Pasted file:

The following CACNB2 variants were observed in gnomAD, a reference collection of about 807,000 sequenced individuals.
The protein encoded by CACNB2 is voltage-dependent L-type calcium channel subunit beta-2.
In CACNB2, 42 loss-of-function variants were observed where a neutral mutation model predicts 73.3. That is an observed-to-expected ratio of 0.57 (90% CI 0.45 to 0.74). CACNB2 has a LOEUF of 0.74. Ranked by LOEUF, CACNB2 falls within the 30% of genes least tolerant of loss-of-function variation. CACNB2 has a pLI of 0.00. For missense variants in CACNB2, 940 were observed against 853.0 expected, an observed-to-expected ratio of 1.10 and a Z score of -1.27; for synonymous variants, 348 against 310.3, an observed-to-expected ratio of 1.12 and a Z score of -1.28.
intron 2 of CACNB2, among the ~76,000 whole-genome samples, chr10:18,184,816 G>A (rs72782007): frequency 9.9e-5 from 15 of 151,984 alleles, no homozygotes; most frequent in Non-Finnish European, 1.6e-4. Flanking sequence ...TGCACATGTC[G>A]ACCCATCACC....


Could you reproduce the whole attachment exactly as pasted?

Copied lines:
The following CACNB2 variants were observed in gnomAD, a reference collection of about 807,000 sequenced individuals.
The protein encoded by CACNB2 is voltage-dependent L-type calcium channel subunit beta-2.
In CACNB2, 42 loss-of-function variants were observed where a neutral mutation model predicts 73.3. That is an observed-to-expected ratio of 0.57 (90% CI 0.45 to 0.74). CACNB2 has a LOEUF of 0.74. Ranked by LOEUF, CACNB2 falls within the 30% of genes least tolerant of loss-of-function variation. CACNB2 has a pLI of 0.00. For missense variants in CACNB2, 940 were observed against 853.0 expected, an observed-to-expected ratio of 1.10 and a Z score of -1.27; for synonymous variants, 348 against 310.3, an observed-to-expected ratio of 1.12 and a Z score of -1.28.
intron 2 of CACNB2, among the ~76,000 whole-genome samples, chr10:18,184,816 G>A (rs72782007): frequency 9.9e-5 from 15 of 151,984 alleles, no homozygotes; most frequent in Non-Finnish European, 1.6e-4. Flanking sequence ...TGCACATGTC[G>A]ACCCATCACC....